When developers are coding, most are doing what they think is their best. No one deliberately writes mediocre code, so reviewers need the tact and diplomacy of ambassadors. Few people have skin thick enough to absorb anything but the most constructive of criticism - and (that too) only when handled with kid gloves.
In my company I have not seen any evidence of code reviews (in the past three years) even though it's mentioned now and then in meetings as something that's supposed/expected to happen. I'm not sure how many companies enforce this as part of mandated quality control. In my experience, more time is taken defining and documenting a process than in any actual implementation.
Luckily, the Net is a great resource - we get to see/use code snippets posted for public consumption, forums such as ones on this site where people exchange their solutions to a problem - great articles with in-depth research (Jeff Moden always comes to mind here) - we get to see different perspectives and more importantly - learn why one solution is preferable over another.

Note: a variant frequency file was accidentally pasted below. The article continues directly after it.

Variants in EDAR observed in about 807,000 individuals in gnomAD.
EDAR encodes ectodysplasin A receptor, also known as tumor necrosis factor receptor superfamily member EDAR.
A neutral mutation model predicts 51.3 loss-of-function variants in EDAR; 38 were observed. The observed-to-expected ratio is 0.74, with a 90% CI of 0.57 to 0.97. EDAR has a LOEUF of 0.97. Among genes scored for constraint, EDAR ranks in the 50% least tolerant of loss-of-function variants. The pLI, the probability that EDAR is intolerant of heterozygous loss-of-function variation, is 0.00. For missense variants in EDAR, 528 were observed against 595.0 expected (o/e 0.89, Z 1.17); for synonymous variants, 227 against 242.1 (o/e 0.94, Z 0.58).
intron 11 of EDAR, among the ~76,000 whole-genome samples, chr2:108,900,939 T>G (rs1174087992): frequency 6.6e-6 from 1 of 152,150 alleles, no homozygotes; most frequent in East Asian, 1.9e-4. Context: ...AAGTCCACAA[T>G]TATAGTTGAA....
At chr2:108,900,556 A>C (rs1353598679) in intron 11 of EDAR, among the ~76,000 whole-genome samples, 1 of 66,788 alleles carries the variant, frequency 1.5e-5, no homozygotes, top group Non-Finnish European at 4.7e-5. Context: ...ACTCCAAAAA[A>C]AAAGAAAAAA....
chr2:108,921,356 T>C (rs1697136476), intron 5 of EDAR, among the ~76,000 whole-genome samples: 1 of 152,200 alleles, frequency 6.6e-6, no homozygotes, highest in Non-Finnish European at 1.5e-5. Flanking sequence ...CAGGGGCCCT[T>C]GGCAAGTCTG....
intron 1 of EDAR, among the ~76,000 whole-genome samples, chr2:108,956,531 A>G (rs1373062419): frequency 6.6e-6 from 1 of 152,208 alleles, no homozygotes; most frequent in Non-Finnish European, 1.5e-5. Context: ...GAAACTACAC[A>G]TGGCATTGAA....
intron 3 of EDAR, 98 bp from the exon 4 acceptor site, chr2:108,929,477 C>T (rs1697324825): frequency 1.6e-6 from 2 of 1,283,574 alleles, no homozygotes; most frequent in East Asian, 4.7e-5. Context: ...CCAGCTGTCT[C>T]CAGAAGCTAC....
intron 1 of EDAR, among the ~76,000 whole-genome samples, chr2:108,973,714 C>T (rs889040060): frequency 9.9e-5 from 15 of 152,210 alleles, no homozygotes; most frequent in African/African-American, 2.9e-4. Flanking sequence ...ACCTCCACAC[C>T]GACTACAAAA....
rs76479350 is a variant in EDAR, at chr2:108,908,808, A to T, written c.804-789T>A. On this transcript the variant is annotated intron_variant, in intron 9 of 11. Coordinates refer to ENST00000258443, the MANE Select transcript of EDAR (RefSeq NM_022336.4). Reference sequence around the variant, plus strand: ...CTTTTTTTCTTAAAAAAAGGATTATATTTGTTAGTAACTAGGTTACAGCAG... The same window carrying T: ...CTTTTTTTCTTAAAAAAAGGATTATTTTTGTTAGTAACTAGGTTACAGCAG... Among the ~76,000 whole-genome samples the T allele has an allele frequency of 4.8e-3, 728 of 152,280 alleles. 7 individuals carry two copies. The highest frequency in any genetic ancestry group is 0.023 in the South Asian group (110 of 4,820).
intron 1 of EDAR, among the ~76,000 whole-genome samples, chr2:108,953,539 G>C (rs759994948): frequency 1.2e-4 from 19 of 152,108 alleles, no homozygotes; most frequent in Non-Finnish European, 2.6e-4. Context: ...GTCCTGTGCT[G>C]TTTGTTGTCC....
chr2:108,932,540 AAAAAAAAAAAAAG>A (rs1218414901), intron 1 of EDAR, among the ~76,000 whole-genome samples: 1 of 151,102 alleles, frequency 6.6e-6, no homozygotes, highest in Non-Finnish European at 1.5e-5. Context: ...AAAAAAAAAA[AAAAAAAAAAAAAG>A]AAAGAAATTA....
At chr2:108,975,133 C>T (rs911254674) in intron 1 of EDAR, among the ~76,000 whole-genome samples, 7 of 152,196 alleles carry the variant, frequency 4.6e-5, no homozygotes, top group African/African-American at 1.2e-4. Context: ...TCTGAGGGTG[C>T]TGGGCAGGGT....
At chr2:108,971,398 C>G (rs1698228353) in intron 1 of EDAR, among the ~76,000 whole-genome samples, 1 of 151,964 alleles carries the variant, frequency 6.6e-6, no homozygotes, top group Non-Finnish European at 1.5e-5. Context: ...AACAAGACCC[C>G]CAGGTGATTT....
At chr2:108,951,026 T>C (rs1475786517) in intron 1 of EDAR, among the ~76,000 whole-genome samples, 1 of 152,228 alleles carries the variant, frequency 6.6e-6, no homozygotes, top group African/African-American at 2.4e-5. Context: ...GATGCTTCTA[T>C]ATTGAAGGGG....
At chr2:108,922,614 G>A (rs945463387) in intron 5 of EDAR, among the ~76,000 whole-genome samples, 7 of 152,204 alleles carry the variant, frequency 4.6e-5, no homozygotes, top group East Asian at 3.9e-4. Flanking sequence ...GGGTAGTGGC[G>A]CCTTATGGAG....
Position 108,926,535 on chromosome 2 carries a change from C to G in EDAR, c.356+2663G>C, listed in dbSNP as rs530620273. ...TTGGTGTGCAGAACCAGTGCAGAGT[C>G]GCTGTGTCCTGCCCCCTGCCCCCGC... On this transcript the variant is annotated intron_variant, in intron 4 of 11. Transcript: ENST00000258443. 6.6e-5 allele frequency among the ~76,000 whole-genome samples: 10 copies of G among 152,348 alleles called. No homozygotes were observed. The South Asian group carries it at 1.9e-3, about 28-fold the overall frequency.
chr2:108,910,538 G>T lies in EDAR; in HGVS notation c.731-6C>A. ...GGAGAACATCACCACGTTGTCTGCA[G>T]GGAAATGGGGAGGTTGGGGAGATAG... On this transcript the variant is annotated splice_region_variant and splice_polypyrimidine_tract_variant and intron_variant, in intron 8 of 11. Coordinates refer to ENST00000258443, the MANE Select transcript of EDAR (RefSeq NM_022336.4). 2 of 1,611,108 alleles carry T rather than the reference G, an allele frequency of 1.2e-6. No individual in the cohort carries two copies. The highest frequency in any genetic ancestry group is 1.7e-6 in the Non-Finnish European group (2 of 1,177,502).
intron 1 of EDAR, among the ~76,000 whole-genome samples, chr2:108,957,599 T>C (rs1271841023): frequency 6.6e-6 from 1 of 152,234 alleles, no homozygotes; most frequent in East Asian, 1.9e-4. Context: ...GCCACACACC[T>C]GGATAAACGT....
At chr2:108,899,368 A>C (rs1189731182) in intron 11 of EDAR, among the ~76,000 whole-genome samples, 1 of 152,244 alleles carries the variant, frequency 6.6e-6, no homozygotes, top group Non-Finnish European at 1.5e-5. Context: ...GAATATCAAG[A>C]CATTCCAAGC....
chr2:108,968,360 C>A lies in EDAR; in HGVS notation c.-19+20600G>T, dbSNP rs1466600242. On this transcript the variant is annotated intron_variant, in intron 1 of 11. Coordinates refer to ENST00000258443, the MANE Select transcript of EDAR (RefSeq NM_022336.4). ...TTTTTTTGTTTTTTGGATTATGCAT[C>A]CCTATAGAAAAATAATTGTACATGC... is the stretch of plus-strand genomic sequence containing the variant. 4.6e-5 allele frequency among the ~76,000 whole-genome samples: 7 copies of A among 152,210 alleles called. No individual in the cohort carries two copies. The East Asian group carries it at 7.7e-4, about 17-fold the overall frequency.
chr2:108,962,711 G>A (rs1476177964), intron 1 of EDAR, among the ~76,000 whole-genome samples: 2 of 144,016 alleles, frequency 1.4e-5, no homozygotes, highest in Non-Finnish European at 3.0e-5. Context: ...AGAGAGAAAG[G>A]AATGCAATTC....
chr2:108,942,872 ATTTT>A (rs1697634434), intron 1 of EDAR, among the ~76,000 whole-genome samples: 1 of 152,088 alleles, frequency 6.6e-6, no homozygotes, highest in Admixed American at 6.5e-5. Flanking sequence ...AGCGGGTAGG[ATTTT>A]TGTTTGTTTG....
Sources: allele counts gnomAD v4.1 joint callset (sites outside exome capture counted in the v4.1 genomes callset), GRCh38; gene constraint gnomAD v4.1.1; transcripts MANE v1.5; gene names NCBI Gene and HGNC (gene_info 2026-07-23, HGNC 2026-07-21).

If it were not for this, we would all have tunnel vision. I was lucky enough to briefly do some pair programming - it was an eye-opener in so many ways. I know it's not for everyone just as teleworking isn't, but if you pair up with the right person, it's invaluable. Jeff Atwood has a great blog about pair programming vs. code reviews - for anyone that cares to read it.
In the absence of any formal review process and even as an adoption of best practice, I have always learned to prefix my code with a meaningful comments block - whether it is to defend convoluted code or explain core logic - I find it helpful even when I myself revisit code after a long period of time - it helps me understand the reasoning at the time the code was written.
**ASCII stupid question, get a stupid ANSI !!!**